I think there is something called rock salt, which is still Sodium Chloride but is bigger crystals.
Using this as a 'seed' crystal i think it is possible to grow a bigger crystal from that.
This tub of salt also has Sodium Ferrocyanide , which is a anti caking agent or something, so not sure if that has something to do with the result above. I don't think it is.
I think starting with a bigger crystal could be the way forward.
I had a crysal growing set when I was about 12 /13 (so a long time ago) and this had copper sulfate crystals for that purpose.
Not sure if @freemo or other chemists on here can suggest anything.
The 'fun' of science is to experiment and try things out.
The size of the seed crystal shouldnt matter too much. The key should be very slow formation (control the rate at which water evaporates to slow it) and ensuring the container you use has no nucleation sites other than the starter crystal.
Of course you also need to make sure your seed crystal is itself a perfect single crystal and not multiple crystals.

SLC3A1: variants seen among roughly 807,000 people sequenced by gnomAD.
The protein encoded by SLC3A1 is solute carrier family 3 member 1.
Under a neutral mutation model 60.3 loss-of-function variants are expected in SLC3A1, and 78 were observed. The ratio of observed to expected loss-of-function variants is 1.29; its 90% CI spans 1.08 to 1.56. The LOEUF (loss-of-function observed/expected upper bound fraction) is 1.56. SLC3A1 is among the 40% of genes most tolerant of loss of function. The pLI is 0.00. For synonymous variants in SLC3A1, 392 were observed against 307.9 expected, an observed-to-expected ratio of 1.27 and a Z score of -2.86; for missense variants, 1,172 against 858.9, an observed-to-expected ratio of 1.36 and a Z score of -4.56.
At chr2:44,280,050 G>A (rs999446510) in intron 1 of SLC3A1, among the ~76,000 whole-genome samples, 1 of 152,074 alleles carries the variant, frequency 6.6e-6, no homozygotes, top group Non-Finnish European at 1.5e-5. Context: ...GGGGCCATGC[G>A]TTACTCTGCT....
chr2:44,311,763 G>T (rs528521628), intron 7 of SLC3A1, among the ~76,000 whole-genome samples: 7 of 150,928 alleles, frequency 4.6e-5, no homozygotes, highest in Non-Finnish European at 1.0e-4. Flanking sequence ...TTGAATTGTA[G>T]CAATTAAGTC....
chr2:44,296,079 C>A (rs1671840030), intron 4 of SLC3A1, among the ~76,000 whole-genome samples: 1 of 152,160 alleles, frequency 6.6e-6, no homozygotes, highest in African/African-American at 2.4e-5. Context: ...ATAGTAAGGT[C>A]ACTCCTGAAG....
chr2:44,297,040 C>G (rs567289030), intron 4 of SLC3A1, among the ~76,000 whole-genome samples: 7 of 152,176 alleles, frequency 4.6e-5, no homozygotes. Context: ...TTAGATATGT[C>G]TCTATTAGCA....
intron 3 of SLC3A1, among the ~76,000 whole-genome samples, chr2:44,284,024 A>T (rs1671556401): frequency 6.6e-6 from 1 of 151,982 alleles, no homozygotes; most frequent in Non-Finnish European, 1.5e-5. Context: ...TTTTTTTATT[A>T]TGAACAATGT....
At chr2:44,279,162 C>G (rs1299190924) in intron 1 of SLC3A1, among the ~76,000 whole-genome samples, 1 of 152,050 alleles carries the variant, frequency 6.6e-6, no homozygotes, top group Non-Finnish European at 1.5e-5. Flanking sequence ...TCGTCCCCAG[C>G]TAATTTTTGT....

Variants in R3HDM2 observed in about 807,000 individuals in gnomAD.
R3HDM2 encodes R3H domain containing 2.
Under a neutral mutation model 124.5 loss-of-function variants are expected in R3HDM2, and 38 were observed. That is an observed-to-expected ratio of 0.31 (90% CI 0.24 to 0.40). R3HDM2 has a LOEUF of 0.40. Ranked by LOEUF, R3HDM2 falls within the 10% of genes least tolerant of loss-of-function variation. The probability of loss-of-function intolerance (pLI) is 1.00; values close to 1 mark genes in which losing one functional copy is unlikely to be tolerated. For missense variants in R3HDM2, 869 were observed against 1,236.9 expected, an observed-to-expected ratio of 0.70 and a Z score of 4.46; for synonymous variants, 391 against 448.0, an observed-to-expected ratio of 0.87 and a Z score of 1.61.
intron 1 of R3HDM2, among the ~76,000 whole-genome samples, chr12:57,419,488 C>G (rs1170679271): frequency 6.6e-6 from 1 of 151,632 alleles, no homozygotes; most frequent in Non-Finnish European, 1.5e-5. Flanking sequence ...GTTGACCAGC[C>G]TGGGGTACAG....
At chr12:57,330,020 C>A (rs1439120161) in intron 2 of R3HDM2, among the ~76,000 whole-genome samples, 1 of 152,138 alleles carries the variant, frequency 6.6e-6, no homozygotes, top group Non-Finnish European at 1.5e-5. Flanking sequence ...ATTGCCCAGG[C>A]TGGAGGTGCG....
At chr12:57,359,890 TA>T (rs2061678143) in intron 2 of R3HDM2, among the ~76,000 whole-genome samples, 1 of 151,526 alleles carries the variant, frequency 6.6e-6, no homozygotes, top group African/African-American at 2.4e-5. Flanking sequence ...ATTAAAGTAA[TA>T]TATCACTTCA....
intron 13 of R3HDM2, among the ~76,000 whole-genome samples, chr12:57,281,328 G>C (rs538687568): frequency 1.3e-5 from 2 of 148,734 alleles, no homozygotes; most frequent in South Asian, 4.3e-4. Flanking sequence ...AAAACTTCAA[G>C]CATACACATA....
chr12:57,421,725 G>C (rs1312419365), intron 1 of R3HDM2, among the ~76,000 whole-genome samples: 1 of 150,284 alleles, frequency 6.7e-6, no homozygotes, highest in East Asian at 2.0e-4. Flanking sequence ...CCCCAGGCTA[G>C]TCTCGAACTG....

Rock salt, is usually very far from pure, particularly the kind used for melting ice. You need pretty pure salt to create nice crystals. That said if the rock salt were pure it would work as good as any. Once its dissolved in the water salt is salt if its pure. The seed crystal wont matter so much if its from rock salt or small granualted salt if its a single crystal.
@freemo @zleap @piggo
Either way, it reminds me of this
QOTO: Question Others to Teach Ourselves
An inclusive, Academic Freedom, instance
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Hate speech and harassment strictly forbidden.